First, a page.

The Titans aren't short of quality in the back row but big things are expected of promising young gun Paul Carter. Credit: Gold Coast Titans Copyright: Gold Coast Titans
Titans coach John Cartwright believes he has found a Greg Bird-clone in young recruit Paul Carter and he wants the aggressive back-rower to push his star Kangaroo for a starting spot as soon as he returns from the World Cup.
The son of former Panthers great Steve Carter – a teammate of Cartwright's for the best part of a decade – Carter has played Australian Schoolboys and for the Junior Kangaroos, and was a star in the Bulldogs under-20s teams in 2011-12.
He spent all of the 2013 season in the Bulldogs' NSW Cup team but with the likes of Bird, Nate Myles, Ashley Harrison and Mark Minichiello all over the age of 28, Cartwright sees the addition of Carter on a two-year deal as not only succession planning but a way to keep getting the best out of his representative stars.
"We've got depth [in the back row] but we've also got a lot of guys there who are at the back-end of their careers," Cartwright explained. "There are a lot of guys in the back row who are in the 30-plus stage so they need some pressure applied to them and we've also got to look long-term.
"Paul's only 21 years of age, going on 22, so he's got a lot of years in front of him and I certainly see him playing first grade at some stage next year."
Carter himself hopes to use Bird as a mentor when he returns from his duties with the Kangaroos and the coach sees plenty of the same tenacious qualities that Carter's father displayed in 242 games for the Panthers.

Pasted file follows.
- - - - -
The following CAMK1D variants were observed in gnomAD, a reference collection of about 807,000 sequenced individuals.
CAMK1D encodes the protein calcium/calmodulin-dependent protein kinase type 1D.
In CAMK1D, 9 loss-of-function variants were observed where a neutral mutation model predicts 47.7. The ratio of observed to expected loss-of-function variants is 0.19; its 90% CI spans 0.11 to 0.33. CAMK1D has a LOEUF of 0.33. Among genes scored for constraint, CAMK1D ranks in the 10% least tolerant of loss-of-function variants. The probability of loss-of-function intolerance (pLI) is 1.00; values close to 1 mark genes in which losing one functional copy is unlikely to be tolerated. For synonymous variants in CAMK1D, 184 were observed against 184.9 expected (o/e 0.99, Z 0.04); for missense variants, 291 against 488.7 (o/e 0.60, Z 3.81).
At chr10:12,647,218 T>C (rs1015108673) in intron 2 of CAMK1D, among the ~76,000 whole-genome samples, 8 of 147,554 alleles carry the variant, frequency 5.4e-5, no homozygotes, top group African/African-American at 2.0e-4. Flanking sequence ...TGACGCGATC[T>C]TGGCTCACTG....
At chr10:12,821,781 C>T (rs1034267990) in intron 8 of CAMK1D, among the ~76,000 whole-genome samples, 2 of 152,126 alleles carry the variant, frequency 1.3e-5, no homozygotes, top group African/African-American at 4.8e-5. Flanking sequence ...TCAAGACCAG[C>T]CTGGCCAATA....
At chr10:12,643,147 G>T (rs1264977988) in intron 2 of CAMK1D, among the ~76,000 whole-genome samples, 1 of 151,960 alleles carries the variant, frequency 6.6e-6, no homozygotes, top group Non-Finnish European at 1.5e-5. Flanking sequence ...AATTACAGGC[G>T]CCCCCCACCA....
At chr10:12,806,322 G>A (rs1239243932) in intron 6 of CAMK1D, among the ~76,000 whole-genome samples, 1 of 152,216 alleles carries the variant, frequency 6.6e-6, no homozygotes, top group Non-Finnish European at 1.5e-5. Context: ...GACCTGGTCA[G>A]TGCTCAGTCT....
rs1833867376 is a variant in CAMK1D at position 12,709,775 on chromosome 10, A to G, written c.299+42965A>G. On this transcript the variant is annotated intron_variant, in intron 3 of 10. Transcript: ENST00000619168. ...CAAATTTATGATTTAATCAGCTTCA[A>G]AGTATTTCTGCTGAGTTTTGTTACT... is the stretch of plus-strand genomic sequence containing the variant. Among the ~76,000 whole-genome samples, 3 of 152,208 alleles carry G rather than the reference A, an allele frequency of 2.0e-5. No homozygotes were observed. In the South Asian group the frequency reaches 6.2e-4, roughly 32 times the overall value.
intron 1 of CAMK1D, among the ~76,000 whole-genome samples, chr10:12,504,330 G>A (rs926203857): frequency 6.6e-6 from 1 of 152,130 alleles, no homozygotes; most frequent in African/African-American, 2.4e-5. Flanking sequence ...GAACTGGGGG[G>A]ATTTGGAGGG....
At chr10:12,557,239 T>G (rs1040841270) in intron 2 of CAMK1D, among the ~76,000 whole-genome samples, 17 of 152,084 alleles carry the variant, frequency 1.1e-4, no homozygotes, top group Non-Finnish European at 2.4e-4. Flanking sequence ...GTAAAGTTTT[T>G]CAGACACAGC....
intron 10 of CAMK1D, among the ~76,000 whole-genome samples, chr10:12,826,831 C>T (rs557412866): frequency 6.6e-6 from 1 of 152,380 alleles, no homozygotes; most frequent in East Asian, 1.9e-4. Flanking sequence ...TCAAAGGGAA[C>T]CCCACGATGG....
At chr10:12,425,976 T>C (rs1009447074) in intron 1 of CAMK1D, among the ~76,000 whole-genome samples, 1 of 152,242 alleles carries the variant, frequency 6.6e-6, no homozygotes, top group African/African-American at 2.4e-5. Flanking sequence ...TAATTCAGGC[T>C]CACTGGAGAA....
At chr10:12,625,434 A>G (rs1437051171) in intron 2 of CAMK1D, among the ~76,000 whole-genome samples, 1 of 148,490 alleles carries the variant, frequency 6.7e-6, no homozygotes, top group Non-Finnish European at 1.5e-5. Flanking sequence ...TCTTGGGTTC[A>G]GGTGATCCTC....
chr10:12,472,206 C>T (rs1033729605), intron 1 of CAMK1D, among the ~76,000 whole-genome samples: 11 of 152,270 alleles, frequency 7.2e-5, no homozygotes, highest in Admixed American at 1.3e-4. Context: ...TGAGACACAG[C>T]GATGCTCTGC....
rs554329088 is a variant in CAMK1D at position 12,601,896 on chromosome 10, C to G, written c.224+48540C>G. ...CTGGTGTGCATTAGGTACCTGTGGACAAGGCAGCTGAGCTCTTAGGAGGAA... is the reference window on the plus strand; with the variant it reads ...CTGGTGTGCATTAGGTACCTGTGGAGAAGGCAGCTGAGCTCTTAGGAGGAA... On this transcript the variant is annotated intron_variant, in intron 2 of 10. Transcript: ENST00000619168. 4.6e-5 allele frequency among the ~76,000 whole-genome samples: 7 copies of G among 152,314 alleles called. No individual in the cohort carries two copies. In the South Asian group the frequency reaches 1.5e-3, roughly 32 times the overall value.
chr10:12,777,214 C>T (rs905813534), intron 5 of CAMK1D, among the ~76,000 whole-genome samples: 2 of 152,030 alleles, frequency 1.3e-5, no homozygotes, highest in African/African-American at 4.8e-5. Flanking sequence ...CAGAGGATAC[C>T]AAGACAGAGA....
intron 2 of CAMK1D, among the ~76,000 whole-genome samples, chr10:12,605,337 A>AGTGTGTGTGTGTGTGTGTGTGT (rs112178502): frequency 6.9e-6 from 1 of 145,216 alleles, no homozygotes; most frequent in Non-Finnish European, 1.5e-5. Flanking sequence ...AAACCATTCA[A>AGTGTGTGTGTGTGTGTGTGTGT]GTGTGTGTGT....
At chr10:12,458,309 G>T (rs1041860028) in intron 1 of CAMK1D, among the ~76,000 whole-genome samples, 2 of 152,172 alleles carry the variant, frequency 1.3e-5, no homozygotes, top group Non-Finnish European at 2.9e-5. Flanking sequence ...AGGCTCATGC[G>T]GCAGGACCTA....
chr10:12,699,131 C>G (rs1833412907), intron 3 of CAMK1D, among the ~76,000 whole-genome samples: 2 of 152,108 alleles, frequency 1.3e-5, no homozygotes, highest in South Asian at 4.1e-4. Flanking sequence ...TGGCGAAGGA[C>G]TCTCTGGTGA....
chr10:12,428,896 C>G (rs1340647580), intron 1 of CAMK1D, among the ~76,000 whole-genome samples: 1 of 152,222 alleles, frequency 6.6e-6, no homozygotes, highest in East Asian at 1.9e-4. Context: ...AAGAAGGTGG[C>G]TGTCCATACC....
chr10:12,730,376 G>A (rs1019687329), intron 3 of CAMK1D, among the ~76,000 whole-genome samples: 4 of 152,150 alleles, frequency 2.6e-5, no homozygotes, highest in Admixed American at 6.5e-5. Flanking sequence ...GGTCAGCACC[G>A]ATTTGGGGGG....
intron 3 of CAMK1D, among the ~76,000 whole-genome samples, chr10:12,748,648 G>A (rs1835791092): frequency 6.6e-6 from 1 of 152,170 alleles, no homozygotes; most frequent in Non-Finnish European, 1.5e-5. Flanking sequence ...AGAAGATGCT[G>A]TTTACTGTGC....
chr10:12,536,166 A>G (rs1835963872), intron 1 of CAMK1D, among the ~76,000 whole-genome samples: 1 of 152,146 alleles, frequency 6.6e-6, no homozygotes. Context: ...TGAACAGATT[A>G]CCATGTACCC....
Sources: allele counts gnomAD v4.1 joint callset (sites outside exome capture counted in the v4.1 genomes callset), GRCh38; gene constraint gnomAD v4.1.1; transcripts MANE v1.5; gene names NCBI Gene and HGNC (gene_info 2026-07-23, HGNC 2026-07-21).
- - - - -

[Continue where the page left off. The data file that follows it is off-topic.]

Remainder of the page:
"He's very, very aggressive. He's a lovely kid off the field but something of a smiling assassin I suppose once he gets out on the field," Cartwright said. "He takes no prisoners and he backs himself. Steve was like that, there was no fear of anyone he played against. He didn't care who they were and Paul is very much the same. I've watched him play a lot through the juniors and NSW Cup at the Bulldogs and he certainly holds no fear of the opposition."
While Carter says he was still in nappies when his father and Cartwright were running around as 'chocolate soldiers' back in the 1980s, he is excited about the prospect of playing under him and trying to earn his maiden NRL call-up.
"I feel that I am [ready for the NRL]," Carter said. "Unfortunately there was a strong playing roster [at the Bulldogs] in my position. I came close a few times last year to getting a crack so hopefully I get an opportunity at some stage throughout the year.
"Wherever you're at there's competition, it's fierce competition, so all I can do is train my hardest and play my best footy and if the opportunity comes up I'll be ready.
"I love competition, it's one of my best traits, I love getting in amongst it and mixing it up with the boys."
And there's arguably no greater competitor in the NRL than the man he hopes to one day succeed.
"I like watching players like 'Birdy'. He's obviously a great role model for me, and Paul Gallen and those types of players who get in there and like mixing it up," he said. "They're aggressive, skilful players and that's what I aspire to be."